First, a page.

By way of examples, for both embodiments herein, it has been calculated that a crown of only 0.025 inches (0.064 centimeters) in a ten inch (26.4 centimeters) transverse extent of a conventional copy sheet which is 0.004 inches (0.011 centimeters) thick [i.e., "20 pound" paper] will increase the moment of inertial or stiffness of that copy sheet by almost 40 times. For thinner 0.002 inch (0.0051 centimeters) conventional copy sheets [i.e., approximately "13 pound" paper] this same crown height will increase the copy sheet thickness by approximately 170 times. Therefore, it has also been calculated that the threshold maximum imaging surface radius in the direction of its motion (the first curvature 34 here) which will self-strip a copy sheet with a transfer electrostatic tacking charge thereon causing a field of 10 volts per micron, for a 0.011 centiimeter thick copy sheet, can be increased from 0.39 inches (0.96 centimeters) to 5.1 inches (13 centimeters) by the above crown of only 0.025 inches (0.064 centimeters). Alternatively, it has been calculated that for a basically constant imaging surface stripping radius (first curvature 34) of 2.5 inches (6.4 centimeters) that the threshold of the maximum transfer charges which can be left on the copy sheet and still allow self-stripping can be increased from a field of 3.3. volts per micron up to a much more desirable 20.7 volts per micron for this same crown and the exemplary 0.025 inch (0.064 centimeter) paper. For the same stripping radius and transverse crown the transfer field can be increased from 1.16 volts per micron to 15 volts per micron for the thinner paper of 0.002 inches (0.0051 centimeters) thickness. Theoretically these higher transfer fields can provide efficient transfer without requiring transfer charge neutralizing by a detacking corona generator.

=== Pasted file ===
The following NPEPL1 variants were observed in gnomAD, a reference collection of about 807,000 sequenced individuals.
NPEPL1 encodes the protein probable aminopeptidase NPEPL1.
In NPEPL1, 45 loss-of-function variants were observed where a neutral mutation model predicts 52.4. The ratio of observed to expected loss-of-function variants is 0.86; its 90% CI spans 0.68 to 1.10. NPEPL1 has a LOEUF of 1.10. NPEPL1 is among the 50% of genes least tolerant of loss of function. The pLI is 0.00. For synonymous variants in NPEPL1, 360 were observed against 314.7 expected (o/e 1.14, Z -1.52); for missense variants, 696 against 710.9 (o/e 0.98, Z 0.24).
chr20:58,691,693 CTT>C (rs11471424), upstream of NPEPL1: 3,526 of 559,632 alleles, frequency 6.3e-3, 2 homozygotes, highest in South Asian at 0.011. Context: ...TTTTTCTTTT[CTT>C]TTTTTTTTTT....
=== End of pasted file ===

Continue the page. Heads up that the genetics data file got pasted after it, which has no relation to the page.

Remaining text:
It will be appreciated that even the small preferred transverse crown disclosed herein, (particularly since it produces a compound curved surface) can cause excessive strain for certain types of photoreceptor belt materials in combination with smaller stripping radii, particularly for inorganic photoconductors such as selenium and selenium alloys. Thus, an organic photoconductive material having a certain amount of elasticity is preferred.